Congratulations, Mayor de Blasio — Now, Resign!
We are happy that Mayor de Blasio has decided to run for president. It never hurts to have more New Yorkers in the race, if only to force the rest of the nation to confront its bias against the urban quality-of-life issues we cover every day at Streetsblog.
But as the mayor makes his case to the nation be the 46th president, he must resign, for the good of his current constituents.
For too long, the preparations for the presidential run have seized de Blasio’s attention on so many initiatives. We are concerned that vital work, even on the mayor’s once-cherished initiatives such as Vision Zero, will simply be shelved as the mayor galavants around the nation, as if caucus-goers in Brooklyn, Iowa, are going to care if de Blasio builds out the bike network in Brooklyn, N.Y.
There’s plenty of evidence that work is already being slow-walked:
- A redesign of Amsterdam Avenue, once a de Blasio priority, languished for over two years because the mayor didn’t get personally engaged amid community board obstruction.
- The fourth phase of the Queens Boulevard redesign — literally de Blasio’s signature street-safety project — has been stalled for over a year. There’s no timetable.
- Central Park West, where Australian tourist Madison Lyden was killed by a truck driver, still doesn’t have a protected bike lane.
- Congestion pricing passed as a vague measure by the state earlier this year, with the details of how it will be implemented put off. It’s already being watered-down with exemptions, putting it — and the revenue for the transit system that it was created to generate — at risk.
- Multiple community groups have called for the city to close just a few streets to car drivers — an initiative that needs mayoral approval. Other world capitals – London, Paris, Madrid, etc. — have improved quality of life by closing small parts of their central business district to cars. This mayor can’t be bothered to even consider it.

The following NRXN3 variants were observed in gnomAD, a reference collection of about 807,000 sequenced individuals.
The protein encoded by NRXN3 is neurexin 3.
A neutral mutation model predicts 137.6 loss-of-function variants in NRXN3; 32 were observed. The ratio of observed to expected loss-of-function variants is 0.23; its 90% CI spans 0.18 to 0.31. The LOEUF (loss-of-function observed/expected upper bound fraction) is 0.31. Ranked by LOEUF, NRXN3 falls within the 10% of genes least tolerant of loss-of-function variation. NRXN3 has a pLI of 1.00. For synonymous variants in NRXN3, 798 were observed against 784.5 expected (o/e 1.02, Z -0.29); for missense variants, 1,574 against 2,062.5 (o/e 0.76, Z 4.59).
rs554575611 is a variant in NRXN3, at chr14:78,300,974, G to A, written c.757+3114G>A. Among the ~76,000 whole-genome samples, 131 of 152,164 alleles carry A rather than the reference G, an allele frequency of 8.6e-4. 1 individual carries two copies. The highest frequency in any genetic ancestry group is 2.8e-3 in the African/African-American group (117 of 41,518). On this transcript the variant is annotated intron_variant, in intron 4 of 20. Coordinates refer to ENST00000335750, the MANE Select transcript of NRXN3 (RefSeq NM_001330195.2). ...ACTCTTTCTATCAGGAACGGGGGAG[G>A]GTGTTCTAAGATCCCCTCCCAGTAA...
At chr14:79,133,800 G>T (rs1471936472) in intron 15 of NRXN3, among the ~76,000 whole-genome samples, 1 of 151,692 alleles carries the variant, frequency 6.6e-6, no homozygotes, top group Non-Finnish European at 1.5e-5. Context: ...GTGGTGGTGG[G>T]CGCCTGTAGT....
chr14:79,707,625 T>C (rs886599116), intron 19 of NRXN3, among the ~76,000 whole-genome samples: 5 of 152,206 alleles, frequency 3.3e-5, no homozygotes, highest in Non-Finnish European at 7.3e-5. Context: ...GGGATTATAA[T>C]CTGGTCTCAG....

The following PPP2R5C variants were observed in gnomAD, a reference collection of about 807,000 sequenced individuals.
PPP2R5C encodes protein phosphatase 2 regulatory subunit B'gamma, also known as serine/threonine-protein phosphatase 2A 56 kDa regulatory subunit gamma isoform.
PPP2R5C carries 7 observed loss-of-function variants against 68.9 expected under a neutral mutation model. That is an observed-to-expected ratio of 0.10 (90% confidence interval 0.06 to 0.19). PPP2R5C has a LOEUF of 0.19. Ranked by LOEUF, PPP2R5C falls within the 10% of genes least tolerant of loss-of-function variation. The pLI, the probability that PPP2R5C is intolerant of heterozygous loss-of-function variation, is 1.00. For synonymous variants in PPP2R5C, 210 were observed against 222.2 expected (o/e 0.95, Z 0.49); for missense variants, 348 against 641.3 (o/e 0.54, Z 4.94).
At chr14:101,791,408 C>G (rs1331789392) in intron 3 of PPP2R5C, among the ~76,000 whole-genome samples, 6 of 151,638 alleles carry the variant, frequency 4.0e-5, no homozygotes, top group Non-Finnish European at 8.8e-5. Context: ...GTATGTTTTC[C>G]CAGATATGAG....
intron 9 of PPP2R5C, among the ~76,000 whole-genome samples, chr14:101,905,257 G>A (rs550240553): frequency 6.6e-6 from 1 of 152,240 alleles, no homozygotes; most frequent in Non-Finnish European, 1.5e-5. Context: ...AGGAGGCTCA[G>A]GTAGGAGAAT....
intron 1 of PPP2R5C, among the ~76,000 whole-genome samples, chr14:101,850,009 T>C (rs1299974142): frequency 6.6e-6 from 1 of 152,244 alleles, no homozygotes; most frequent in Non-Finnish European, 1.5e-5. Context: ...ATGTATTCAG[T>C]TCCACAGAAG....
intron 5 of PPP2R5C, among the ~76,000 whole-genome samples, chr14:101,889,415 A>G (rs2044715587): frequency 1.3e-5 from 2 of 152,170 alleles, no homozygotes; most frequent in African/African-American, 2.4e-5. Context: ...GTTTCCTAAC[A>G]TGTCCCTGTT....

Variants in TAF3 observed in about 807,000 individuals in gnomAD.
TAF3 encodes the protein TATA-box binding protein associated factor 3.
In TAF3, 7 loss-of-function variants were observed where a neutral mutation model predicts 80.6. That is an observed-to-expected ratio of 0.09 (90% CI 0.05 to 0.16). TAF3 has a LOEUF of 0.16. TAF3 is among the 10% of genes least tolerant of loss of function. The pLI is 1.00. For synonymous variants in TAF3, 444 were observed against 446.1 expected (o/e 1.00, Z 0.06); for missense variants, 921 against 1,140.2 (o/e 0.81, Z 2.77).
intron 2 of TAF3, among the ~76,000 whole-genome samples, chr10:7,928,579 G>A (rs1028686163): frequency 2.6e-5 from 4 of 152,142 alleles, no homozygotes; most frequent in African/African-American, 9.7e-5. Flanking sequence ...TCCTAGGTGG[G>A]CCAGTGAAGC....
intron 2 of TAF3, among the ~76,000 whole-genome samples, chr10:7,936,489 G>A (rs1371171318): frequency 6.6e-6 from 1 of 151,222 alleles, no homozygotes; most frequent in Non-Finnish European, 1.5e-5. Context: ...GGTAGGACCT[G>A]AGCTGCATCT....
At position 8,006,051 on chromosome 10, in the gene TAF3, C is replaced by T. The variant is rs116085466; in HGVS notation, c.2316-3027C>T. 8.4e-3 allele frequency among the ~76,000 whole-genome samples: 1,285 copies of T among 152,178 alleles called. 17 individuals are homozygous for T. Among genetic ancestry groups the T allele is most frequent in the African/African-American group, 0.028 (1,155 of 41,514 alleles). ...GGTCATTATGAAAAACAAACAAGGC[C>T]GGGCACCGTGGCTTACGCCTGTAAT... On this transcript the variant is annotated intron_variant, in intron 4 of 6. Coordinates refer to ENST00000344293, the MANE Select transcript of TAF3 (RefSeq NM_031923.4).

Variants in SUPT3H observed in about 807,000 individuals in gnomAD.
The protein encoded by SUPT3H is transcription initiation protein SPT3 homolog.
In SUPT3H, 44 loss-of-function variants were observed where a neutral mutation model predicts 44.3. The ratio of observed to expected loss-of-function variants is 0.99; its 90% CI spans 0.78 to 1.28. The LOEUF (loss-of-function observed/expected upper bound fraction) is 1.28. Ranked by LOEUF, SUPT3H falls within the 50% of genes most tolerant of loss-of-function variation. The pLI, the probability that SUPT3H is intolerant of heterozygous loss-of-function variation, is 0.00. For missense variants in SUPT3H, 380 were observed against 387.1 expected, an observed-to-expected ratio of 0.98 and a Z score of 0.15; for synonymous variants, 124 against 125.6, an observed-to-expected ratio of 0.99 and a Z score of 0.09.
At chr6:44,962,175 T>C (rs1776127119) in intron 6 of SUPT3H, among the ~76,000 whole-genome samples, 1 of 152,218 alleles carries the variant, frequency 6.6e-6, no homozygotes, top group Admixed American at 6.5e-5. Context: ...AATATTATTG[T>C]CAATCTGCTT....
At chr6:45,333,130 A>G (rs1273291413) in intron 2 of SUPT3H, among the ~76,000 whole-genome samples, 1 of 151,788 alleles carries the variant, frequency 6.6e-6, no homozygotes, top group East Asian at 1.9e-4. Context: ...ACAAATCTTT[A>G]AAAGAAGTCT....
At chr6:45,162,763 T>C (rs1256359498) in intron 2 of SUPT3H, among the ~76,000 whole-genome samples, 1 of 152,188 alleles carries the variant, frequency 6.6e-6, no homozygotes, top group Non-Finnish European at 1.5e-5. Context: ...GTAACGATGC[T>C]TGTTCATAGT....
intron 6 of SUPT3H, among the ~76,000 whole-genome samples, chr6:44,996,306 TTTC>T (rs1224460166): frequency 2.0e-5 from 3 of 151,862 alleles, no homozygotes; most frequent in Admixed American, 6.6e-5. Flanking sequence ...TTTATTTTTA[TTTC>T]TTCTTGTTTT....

- De Blasio has not even been involved in a battle to save his own administration’s plan for a single playstreet in Jackson Heights, which a car dealership destroyed by exercising overlooked property rights at the last minute.
- He told us more than a month ago that he intended to take action against recklessly driving cops — but nothing has been done.
- State officials are working on a way to help food delivery workers do their jobs legally. De Blasio’s only contribution to that effort has been to arrest the low-wage workers. He needs to be part of the solution.
- We can’t even get an answer from City Hall about what kind of lines it plans to paint on Dyckman Street, where the city removed a set of protected bike lanes in August (!) and has left the wide roadway completely devoid of lane markings since.
Government insiders tell us it has become increasingly difficult to get the mayor to sign off on these and other initiatives — or create new ones — during this period when de Blasio has been getting ready to announce. On Wednesday night, Council Speaker Corey Johnson was asked about de Blasio’s increasing lack of leadership on Vision Zero and said he thought the mayor was fighting old battles and not moving ahead aggressively.
“I’m not sure that he has embraced that the conversation has moved on,” Johnson said.
That conversation will continue from now until the mayor’s certain defeat in Iowa next February — that’s more than eight months — without the mayor himself. Reminder: this comes as New York is in the middle of a 21-percent uptick in road deaths this year versus the same period last year. A cyclist who died this week in Crown Heights was the 10th bicycle rider to die this year — matching the total for all of last year.
The mayoralty of New York City is often said to be the second most important job in the country. It needs someone in the west wing of City Hall who shows up to work every day (perhaps even after a gym workout) with 100 percent focus on the lives of his fellow New Yorkers.
The mayor, of course, has a choice: He could resign to fully focus on his presidential ambitions, putting Public Advocate Jumaane Williams in charge of city government. Williams, at the very least, has no other job, so his focus would be entirely on running the city.
Or the mayor could remain in office, but empower his talented commissioners and deputies to do whatever it takes to get the job done — explicitly instructing them to take action to improve the lives of New Yorkers, without having to wait for a mayor who has his attention on every other town except this one. We trust DOT Commissioner Polly Trottenberg to do the right thing — so it has been frustrating to watch her stymied by her boss’s limited focus.
So go out there and get ’em, Mr. Mayor — but step aside and let someone else run the city.